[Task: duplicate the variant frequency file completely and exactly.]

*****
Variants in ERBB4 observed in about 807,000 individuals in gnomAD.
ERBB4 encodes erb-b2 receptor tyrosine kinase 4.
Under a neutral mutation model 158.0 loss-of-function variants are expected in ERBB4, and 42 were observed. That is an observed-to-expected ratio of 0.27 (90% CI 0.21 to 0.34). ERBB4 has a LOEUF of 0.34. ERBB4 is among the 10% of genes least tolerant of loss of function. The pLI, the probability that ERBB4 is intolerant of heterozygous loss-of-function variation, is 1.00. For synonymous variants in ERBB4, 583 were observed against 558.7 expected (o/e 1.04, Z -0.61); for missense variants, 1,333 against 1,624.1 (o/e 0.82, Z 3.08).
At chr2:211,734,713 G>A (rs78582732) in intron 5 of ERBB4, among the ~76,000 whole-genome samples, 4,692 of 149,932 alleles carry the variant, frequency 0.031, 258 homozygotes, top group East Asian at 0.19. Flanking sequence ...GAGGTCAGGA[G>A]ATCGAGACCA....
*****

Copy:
Variants in ERBB4 observed in about 807,000 individuals in gnomAD.
ERBB4 encodes erb-b2 receptor tyrosine kinase 4.
Under a neutral mutation model 158.0 loss-of-function variants are expected in ERBB4, and 42 were observed. That is an observed-to-expected ratio of 0.27 (90% CI 0.21 to 0.34). ERBB4 has a LOEUF of 0.34. ERBB4 is among the 10% of genes least tolerant of loss of function. The pLI, the probability that ERBB4 is intolerant of heterozygous loss-of-function variation, is 1.00. For synonymous variants in ERBB4, 583 were observed against 558.7 expected (o/e 1.04, Z -0.61); for missense variants, 1,333 against 1,624.1 (o/e 0.82, Z 3.08).
At chr2:211,734,713 G>A (rs78582732) in intron 5 of ERBB4, among the ~76,000 whole-genome samples, 4,692 of 149,932 alleles carry the variant, frequency 0.031, 258 homozygotes, top group East Asian at 0.19. Flanking sequence ...GAGGTCAGGA[G>A]ATCGAGACCA....